Commander of the Heavy Airlift Wing, Col Trevor W. Nitz of the United States Air Force, hands over the guidon of the Heavy Airlift Squadron to Lt Col Peer Geelen of the Royal Netherlands Air Force. Photo: HAW / Tuomas Saavalainen.
Lieutenant Colonel Geelen assumed the command of the HAS from Lieutenant Colonel Eric J. Howland of the United States Air Force. After two years of service as the Commander of the HAS, Lt Col Howland's next assignment will be as the Operational Air Assessment Staff Officer at Allied Joint Force Command (JFC) Naples. In his new position, Lt Col Howland will contribute to the operational assessment of any operation being conducted by the command, and supervise the work of the other air environment operational assessment Air Staff Officers at JFC Naples.
Lt Col Geelen has served at the HAW since 2014. Prior to assuming command of the HAS, he served as the squadron's Director of Operations. Lt Col Geelen received his commission in the RNLAF in 1984 after having attended the Euro-NATO Joint Jet Pilot Training (ENJJPT) program at Sheppard Air Force Base, Texas. Since then, he has served in multiple different units, flying NF-5A/B, T-38, E-3A, B-707, C-130E/H, Fokker F-27M and C-17A aircraft. In total, Lt Col Geelen has approximately 8,700 flight hours, including more than 650 in the C-17A.
As the Commander of the HAS, Lt Col Geelen draws upon his extensive experience from military aviation and multinational cooperation. From 1990 until 1996, he was assigned to the NATO AWACS component at Geilenkirchen Air Force Base, Germany. Before joining the HAW in 2014, Lt Col Geelen served as a Flight Commander at the RNLAF 336 Squadron at Eindhoven Air Force Base. Between 2005 and 2014, Lt Col Geelen deployed multiple times to Afghanistan in support of the NATO-led ISAF operation, serving as a Detachment Commander in Kabul, Kandahar and Minhad.
Commander of the Heavy Airlift Wing, Col Trevor W. Nitz of the United States Air Force, presents Lt Col Howland with a framed guidon of the Heavy Airlift Squadron. Photo: HAW / Tuomas Saavalainen.
About the Heavy Airlift Squadron (HAS):
The Heavy Airlift Squadron (HAS) is the world's first and only multinational Boeing C-17A Globemaster III operations squadron, consisting of the Heavy Airlift Wing (HAW) flight crews and specialized functions for Aviation Management, Intelligence, Mission Security Forces, Tactics, Training, Standardization and Evaluation, and Safety.
The heritage of the HAS is rooted in the training, policies and standards of the U.S. air mobility system, as the United States Air Force (USAF) is the main user of the C-17A. The multinational squadron has also adapted the best practices of its C-17A sister squadrons in the USAF, the Royal Air Force, the Royal Canadian Air Force and the Royal Australian Air Force. The squadron structure, as well as its policies and procedures, are designed to operate in support of the Strategic Airlift Capability (SAC) member nations' strategic policies to include combat and humanitarian airlift wherever and whenever required.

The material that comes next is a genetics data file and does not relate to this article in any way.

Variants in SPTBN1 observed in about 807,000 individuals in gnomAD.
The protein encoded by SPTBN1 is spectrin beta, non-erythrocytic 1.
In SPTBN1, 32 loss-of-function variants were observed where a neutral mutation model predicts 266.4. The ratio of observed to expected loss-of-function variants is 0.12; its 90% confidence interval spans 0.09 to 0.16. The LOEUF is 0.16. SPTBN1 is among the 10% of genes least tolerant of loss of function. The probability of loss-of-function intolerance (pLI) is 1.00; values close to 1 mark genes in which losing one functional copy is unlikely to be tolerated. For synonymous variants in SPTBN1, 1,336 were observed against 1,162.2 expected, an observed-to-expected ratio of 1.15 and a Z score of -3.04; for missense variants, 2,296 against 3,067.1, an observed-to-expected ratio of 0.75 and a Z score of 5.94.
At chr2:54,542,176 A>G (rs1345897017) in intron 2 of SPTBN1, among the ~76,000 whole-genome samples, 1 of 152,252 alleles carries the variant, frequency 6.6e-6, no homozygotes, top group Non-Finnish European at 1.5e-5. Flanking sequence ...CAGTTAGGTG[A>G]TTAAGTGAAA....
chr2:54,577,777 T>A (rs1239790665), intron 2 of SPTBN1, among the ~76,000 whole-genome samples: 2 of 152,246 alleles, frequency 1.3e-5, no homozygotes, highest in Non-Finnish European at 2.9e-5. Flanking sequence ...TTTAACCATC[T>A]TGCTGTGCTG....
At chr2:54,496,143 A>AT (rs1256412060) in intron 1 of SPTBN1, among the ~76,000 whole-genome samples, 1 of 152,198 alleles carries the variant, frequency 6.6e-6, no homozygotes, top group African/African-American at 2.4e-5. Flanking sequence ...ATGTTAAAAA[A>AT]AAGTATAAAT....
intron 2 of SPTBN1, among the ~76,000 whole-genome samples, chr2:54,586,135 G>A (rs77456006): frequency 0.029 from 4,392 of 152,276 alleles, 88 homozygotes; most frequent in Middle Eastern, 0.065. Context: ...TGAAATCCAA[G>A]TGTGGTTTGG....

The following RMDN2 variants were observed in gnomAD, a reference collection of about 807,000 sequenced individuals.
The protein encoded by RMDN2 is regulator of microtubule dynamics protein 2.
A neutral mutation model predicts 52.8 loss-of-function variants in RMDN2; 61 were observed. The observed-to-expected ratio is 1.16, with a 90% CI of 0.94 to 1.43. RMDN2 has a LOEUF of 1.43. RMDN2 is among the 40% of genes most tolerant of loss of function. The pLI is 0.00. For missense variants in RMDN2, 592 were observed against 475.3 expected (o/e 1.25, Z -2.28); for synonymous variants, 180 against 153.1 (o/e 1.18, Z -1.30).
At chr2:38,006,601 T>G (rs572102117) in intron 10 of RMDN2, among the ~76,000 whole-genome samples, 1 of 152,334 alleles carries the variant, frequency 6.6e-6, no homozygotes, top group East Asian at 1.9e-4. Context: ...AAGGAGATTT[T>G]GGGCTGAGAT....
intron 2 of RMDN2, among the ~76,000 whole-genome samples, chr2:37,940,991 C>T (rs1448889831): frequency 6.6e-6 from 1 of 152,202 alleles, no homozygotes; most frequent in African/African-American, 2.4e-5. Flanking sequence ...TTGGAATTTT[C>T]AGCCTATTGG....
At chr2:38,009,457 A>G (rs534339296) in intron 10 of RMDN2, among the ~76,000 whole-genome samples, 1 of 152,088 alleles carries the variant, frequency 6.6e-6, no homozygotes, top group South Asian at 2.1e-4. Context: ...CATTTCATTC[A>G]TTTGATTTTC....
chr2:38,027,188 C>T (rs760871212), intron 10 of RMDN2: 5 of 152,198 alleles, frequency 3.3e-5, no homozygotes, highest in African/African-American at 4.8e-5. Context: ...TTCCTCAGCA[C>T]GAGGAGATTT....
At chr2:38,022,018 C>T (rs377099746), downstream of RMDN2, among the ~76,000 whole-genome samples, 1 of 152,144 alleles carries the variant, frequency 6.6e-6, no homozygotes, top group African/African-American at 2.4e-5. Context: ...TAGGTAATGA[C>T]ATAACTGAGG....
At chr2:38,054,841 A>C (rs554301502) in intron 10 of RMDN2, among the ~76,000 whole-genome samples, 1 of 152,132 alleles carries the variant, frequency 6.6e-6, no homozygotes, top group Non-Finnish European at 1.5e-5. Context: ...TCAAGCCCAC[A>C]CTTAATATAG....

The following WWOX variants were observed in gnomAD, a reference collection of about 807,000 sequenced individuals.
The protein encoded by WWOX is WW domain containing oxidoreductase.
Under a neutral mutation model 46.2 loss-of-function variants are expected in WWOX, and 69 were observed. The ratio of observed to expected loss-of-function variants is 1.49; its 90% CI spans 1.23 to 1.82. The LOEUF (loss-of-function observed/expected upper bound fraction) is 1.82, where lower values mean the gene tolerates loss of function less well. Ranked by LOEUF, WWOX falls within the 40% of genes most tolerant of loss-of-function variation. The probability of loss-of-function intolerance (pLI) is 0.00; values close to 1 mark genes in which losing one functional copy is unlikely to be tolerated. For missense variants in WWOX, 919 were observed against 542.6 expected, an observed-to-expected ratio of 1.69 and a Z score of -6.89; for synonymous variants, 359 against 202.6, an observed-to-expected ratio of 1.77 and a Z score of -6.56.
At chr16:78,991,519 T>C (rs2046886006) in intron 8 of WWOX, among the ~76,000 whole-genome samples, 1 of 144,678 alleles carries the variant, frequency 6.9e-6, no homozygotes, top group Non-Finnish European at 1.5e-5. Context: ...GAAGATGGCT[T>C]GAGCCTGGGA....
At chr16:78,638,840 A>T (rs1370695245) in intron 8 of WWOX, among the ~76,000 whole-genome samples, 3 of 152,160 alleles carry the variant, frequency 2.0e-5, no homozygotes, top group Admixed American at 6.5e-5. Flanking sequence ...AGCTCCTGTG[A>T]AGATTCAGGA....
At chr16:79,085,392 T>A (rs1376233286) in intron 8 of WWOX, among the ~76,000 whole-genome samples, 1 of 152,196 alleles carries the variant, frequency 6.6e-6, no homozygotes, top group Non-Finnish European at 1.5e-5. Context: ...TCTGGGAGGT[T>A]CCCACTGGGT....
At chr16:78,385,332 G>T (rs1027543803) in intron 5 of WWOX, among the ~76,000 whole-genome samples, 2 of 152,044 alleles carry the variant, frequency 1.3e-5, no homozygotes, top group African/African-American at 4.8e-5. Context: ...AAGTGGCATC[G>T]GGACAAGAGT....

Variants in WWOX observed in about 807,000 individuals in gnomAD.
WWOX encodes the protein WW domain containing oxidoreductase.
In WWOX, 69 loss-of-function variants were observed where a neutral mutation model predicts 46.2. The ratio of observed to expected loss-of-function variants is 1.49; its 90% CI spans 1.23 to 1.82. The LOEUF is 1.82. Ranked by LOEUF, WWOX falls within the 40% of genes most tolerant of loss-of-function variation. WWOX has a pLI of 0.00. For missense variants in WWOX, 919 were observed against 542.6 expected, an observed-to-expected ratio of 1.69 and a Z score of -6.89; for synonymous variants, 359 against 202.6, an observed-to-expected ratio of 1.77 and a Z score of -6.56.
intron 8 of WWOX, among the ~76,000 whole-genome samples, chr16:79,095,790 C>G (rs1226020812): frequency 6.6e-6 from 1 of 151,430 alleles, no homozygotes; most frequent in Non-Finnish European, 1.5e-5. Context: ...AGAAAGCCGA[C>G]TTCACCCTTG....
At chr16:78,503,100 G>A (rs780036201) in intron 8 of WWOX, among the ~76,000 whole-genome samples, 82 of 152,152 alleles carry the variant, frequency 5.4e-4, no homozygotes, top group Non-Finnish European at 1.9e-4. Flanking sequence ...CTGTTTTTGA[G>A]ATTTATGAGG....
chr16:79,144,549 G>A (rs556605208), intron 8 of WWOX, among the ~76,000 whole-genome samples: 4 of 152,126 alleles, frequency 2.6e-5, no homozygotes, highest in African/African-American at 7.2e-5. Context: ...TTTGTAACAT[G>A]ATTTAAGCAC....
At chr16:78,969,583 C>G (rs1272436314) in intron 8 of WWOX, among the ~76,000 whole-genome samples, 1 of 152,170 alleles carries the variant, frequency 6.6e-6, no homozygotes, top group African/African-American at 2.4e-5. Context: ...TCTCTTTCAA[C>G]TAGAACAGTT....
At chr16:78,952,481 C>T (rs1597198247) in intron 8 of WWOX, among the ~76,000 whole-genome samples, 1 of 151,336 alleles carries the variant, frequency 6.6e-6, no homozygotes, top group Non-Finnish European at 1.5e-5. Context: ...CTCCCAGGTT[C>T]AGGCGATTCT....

The HAS flight crews have a varied background of flying and working with cargo aircraft, fighter jets and helicopters in their national militaries. Apart from the U.S. personnel, none of them have C-17A training before joining the HAW. After C-17A training has been carried out both in the United States and in Pápa, HAS aircrews are capable of reaching a high level of skill in utilizing the various capabilities of the aircraft. The flight crews of the HAS represent the only Foreign Military Sales (FMS) unit trained and capable of performing the entire spectrum of C-17A Airland and Airdrop Mission Capabilities: Day/Night/NVG, High/Low Level, Tactical Arrival and Departure, Assault Landing Zone Capable, Air-to-Air Refueling, Single Ship Airdrop, and Aeromedical Evacuation Operations.
The HAS proves daily that its multinational flight crews execute missions safely and effectively to locations anywhere in the world, even to the most austere locations and conditions.
Whenever necessary, the Heavy Airlift Squadron executes missions to the most austere conditions. Above, a SAC C-17A takes off from Gao, Mali. Photo: Royal Netherlands Army.
About the Strategic Airlift Capability
Strategic Airlift Capability (SAC), established in 2008, is a multinational program that provides its 12 member nations with assured access to military airlift capability by owning and operating three Boeing C-17 Globemaster III long-range cargo aircraft.
SAC is based at the Hungarian Defence Forces (HDF) Pápa Air Base, Hungary.
The SAC Nations are the NATO members Hungary (program host nation), Bulgaria, Estonia, Lithuania, the Netherlands, Norway, Poland, Romania, Slovenia and the United States and NATO Partnership for Peace nations Finland and Sweden. Each participating nation owns a share of the available flight hours of the SAC C-17s to serve the needs of their national defence, NATO, EU or UN commitments and humanitarian relief efforts.
SAC consists of the 12-nation Heavy Airlift Wing (HAW) and the NATO Airlift Management Programme Office (NAM PO). The HAW is the operational unit and the NAM PO, an integral part of the NATO Support and Procurement Agency (NSPA), is the acquisition and sustainment authority of the SAC C-17 weapon system.
NAM PO contracts Boeing via a Foreign Military Sales (FMS) agreement to provide technical support for the SAC C-17 aircraft.